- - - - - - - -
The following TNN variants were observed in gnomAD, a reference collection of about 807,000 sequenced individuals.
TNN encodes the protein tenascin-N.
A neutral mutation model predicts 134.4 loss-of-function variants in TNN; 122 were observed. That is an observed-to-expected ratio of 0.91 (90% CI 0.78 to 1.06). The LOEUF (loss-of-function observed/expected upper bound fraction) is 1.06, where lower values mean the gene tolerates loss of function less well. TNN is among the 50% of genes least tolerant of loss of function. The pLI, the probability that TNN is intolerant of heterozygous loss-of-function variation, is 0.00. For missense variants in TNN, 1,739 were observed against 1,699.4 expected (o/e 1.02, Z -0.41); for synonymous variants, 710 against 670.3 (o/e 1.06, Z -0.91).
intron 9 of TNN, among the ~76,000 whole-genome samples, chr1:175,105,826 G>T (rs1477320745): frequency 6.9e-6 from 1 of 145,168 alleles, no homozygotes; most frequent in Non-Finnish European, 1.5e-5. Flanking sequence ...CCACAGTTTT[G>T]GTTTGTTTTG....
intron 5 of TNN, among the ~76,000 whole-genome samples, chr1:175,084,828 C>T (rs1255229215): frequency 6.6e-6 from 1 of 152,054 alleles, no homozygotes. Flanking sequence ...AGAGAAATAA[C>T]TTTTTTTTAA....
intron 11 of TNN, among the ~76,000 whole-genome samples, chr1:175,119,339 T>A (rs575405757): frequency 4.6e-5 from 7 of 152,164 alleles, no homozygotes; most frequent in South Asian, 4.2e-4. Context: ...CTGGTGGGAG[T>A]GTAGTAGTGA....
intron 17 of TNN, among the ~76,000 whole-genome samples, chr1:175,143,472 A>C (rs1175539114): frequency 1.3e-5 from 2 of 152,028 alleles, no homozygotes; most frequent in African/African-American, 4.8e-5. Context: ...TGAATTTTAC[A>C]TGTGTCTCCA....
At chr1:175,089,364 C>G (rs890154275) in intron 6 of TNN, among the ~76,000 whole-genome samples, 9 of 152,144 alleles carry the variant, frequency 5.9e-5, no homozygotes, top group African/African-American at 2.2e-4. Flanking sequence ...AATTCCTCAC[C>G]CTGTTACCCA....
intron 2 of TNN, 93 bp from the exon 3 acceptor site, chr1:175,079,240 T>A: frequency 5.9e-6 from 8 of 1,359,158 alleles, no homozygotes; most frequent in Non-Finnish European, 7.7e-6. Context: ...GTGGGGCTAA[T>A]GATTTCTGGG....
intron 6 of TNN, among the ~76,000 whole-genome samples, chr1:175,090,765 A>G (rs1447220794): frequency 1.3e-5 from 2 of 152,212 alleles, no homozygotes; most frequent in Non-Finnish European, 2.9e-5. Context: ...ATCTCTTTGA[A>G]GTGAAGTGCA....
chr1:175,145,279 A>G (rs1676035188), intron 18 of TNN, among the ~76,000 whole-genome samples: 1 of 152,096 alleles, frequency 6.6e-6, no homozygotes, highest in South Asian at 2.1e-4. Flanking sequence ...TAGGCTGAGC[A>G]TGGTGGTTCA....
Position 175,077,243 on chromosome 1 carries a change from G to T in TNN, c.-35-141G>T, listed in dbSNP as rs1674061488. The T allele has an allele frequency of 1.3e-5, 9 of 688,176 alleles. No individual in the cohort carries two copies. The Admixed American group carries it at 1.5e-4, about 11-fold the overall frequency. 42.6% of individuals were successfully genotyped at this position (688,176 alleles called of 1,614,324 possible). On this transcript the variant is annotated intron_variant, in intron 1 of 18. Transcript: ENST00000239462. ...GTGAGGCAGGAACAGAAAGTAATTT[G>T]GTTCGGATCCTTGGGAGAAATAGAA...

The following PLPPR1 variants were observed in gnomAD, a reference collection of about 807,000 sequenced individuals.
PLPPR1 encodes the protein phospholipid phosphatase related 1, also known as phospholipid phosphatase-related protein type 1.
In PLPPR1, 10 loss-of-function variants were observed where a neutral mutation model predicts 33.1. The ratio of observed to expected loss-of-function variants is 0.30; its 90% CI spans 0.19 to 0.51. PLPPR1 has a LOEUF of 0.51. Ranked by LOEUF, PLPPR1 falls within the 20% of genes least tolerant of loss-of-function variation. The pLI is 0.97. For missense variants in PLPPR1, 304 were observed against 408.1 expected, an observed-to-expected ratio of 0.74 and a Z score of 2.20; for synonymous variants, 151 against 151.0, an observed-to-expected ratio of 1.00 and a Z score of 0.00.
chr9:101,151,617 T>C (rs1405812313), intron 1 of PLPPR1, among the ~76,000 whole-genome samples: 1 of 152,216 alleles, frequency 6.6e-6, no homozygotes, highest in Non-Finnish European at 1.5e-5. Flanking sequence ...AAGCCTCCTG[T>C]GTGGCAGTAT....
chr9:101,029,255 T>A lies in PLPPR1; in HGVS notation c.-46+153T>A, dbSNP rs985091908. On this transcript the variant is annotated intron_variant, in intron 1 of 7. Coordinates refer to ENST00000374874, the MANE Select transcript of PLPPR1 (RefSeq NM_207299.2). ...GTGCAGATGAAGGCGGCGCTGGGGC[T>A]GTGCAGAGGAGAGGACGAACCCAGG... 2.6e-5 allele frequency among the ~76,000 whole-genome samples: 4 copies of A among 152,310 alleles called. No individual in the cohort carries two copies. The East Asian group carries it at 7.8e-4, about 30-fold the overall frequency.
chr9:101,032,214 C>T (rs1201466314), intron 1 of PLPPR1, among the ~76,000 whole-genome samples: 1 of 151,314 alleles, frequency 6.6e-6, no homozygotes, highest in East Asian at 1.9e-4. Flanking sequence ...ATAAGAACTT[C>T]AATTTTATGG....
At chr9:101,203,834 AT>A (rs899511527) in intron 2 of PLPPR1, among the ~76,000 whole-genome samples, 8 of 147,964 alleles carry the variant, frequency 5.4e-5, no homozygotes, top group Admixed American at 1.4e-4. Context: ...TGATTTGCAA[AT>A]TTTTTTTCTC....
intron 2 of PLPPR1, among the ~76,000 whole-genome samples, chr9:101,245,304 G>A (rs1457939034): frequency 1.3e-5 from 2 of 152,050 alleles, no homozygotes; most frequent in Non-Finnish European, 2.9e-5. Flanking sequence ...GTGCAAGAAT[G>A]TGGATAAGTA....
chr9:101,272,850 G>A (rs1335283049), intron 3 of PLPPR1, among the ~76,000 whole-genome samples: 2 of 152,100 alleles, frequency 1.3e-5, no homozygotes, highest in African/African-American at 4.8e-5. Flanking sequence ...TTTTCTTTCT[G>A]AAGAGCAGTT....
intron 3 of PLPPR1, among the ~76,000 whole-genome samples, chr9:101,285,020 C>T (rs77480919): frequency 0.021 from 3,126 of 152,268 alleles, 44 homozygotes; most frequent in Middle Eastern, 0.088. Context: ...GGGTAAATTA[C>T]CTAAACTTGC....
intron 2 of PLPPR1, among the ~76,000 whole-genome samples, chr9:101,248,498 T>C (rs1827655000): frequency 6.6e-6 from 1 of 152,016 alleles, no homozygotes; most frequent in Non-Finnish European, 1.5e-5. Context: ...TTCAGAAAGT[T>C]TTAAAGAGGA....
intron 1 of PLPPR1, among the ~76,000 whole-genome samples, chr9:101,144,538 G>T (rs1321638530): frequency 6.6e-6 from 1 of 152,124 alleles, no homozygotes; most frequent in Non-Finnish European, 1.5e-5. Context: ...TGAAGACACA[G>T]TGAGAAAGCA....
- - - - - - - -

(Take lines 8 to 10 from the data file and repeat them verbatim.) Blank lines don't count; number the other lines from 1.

At chr1:175,089,364 C>G (rs890154275) in intron 6 of TNN, among the ~76,000 whole-genome samples, 9 of 152,144 alleles carry the variant, frequency 5.9e-5, no homozygotes, top group African/African-American at 2.2e-4. Flanking sequence ...AATTCCTCAC[C>G]CTGTTACCCA....
intron 2 of TNN, 93 bp from the exon 3 acceptor site, chr1:175,079,240 T>A: frequency 5.9e-6 from 8 of 1,359,158 alleles, no homozygotes; most frequent in Non-Finnish European, 7.7e-6. Context: ...GTGGGGCTAA[T>A]GATTTCTGGG....
intron 6 of TNN, among the ~76,000 whole-genome samples, chr1:175,090,765 A>G (rs1447220794): frequency 1.3e-5 from 2 of 152,212 alleles, no homozygotes; most frequent in Non-Finnish European, 2.9e-5. Context: ...ATCTCTTTGA[A>G]GTGAAGTGCA....